Conserving both energy and a legacy spanning four generations, McInerney’s SuperValu in Loughrea caps a proud family history in retail.
16 November 2009 | 0
Owner: Michael McInerney
Size: 23,000 sq ft
Being the fourth generation of a family retailer serving Loughrea, Michael McInerney is someone who clearly understands the value of sustainable enterprises. While sustaining the family’s retailing reputation for delivering customer satisfaction has been a concern for 118 years, the current proprietor has now also directed his attention towards environmental sustainability. And this has played a major role in his business particularly since moving early last month to his brand new 23,000 sq ft store in the town’s new shopping centre.
Consequently McInerney’s SuperValu has introduced several innovative, environmentally friendly ideas. In fact, it was the first SuperValu in the country to trial a closed-cabinet freezer with sliding doors instead of an open frozen food island. According to McInerney the freezer, supplied by AHT, has generated returns already, by “greatly improving our energy efficiency to the order of 66% alone.” The Loughrea retailer has also introduced LED lighting across the entire store, fitted by Cross Refrigeration.
McInerney explains LED offers several advantages over normal lighting, chiefly that it only requires a quarter of the amount of energy. LED bulbs also last longer, up to 10 years in fact. “LED is ideal for fridges and freezers because there’s no heat off it, so you don’t have the fridge working against the light, and that’s a big plus as well,” he adds.
Green initiatives such as these are going to become much more prevalent over the coming years, in the retailer’s view. He predicts that in five to 10 years, not only will freezer cabinets have sliding doors, but also dairy fridges, meat and deli serve-overs. He reckons this will bring a “whole change of attitudes within the trade.”
Return on investment
For his own part, he concedes he was apprehensive about whether customers would find the freezer doors convenient and if this would affect sales. He notes however, “People if anything are drawn over to the fact that it’s a different type of unit…We certainly have no problems, and we’re very happy we went down that route.”
The store also generates savings from its building management system. This means that although six different light settings are available, there are no switches in the store because everything is pre-programmed into an automatic system designed to conserve energy. For example, at 8am a certain amount of light is used on the main shop floor, at 9am the enhancement lighting is switched on, then the off-licence lights come on at 10.30am when it opens. In a similar vein, air-conditioners and beverage freezers will also automatically switch off after a certain time in the evening, to ensure even greater energy efficiency.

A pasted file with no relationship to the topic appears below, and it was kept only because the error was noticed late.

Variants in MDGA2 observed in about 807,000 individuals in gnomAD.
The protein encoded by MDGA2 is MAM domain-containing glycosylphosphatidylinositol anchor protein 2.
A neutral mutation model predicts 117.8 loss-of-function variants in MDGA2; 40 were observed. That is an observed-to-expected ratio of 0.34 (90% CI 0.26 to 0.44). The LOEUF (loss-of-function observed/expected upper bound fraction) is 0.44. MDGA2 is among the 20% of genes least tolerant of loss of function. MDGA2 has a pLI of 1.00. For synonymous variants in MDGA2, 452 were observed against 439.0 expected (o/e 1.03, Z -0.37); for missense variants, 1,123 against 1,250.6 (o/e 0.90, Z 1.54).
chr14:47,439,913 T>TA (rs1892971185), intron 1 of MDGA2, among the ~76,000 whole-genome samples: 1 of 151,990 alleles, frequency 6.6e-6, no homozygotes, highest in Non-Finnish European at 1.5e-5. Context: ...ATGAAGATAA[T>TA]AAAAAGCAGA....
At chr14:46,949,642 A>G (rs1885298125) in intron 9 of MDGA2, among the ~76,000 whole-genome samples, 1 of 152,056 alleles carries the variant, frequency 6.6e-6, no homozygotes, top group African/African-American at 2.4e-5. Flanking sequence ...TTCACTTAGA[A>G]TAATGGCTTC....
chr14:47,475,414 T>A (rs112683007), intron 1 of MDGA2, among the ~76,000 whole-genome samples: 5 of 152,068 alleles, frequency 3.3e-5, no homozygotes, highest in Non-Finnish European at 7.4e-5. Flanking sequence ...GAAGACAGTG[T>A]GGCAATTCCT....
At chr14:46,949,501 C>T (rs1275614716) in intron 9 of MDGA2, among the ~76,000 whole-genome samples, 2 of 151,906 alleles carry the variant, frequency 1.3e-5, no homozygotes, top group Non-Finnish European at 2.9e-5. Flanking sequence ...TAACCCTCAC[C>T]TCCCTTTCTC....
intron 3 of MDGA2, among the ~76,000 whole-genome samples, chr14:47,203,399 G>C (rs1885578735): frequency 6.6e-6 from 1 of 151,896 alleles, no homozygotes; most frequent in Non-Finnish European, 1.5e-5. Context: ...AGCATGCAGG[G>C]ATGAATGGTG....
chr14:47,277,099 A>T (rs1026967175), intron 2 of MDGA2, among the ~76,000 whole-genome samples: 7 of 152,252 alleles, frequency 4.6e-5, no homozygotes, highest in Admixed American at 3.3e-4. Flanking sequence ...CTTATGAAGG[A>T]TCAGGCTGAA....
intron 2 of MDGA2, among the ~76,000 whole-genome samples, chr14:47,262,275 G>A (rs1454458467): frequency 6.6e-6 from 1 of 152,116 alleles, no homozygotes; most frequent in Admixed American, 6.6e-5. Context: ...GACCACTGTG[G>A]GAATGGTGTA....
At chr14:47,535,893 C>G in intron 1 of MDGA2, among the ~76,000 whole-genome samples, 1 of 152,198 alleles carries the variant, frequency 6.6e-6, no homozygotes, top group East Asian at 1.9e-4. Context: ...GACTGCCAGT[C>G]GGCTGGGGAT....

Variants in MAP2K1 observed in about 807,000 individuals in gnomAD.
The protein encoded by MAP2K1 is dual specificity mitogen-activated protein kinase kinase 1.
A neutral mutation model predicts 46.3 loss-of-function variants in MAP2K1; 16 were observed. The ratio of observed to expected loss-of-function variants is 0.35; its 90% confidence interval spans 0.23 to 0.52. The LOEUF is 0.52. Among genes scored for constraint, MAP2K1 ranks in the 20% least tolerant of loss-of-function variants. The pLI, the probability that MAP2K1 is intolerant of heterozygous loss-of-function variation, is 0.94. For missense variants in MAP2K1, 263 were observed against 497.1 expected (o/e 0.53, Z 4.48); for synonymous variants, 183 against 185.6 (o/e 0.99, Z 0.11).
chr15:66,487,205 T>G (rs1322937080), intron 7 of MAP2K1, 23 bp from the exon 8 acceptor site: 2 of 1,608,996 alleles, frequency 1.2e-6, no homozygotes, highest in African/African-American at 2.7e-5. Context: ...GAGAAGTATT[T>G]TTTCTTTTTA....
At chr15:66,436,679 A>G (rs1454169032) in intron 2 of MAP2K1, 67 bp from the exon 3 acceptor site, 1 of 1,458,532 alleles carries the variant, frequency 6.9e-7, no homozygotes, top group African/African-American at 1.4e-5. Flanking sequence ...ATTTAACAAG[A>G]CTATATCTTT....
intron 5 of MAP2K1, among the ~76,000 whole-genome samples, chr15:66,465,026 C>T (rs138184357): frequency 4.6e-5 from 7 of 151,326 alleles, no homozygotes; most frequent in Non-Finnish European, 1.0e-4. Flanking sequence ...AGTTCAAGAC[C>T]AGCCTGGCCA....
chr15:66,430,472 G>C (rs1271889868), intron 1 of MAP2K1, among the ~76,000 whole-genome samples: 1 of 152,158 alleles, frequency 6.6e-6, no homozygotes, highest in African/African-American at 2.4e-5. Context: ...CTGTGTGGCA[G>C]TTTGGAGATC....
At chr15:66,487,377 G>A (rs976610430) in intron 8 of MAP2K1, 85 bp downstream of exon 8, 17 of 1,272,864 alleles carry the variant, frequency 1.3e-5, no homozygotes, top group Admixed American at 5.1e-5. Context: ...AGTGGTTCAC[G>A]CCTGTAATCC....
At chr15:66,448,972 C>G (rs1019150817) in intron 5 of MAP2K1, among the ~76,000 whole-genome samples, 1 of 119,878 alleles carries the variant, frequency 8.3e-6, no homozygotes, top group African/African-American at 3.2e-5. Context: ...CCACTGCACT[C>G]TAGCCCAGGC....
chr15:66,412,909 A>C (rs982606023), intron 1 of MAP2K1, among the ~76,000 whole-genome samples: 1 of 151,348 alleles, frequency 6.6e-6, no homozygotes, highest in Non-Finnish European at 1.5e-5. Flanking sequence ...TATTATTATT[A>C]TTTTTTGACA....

McInerney is confident he will see a return on this investment in “no more than four to five years.” Signs notifying customers about the environmental initiatives are also located in prominent locations in the store, as is a recycling bank which helps raise money for local causes.
Innovation in new green initiatives is certainly not the only area where the family business has developed new ideas though. It has also developed its own ready-meals and accompaniments range under the name ‘McInerney’s Real Kitchen,’ a clever tie-in with SuperValu’s ‘Real Food, Real People’ slogan.
McInerney explains that the team decided to create the range after visiting many stores and noticing that “the really, really good operators are making their own foods.”
“That was the last piece in the jigsaw which we really needed to get, so we worked very hard on deciding on our range and then trying to find a chef.” Fortunately he succeeded in finding a chef with a breadth of experience. John McInerney, incidentally no relation, trained in the K Club, was a chef at Gort’s golf club, and worked in St Clarence, The Manor House, as well as running his own business for a number of years.
The range was introduced a couple of months before the move to the new store, so any tweaks that needed to be made could be ironed out first. This strategy has paid off, with McInerney’s Real Kitchen now occupying a full 2.5m cabinet.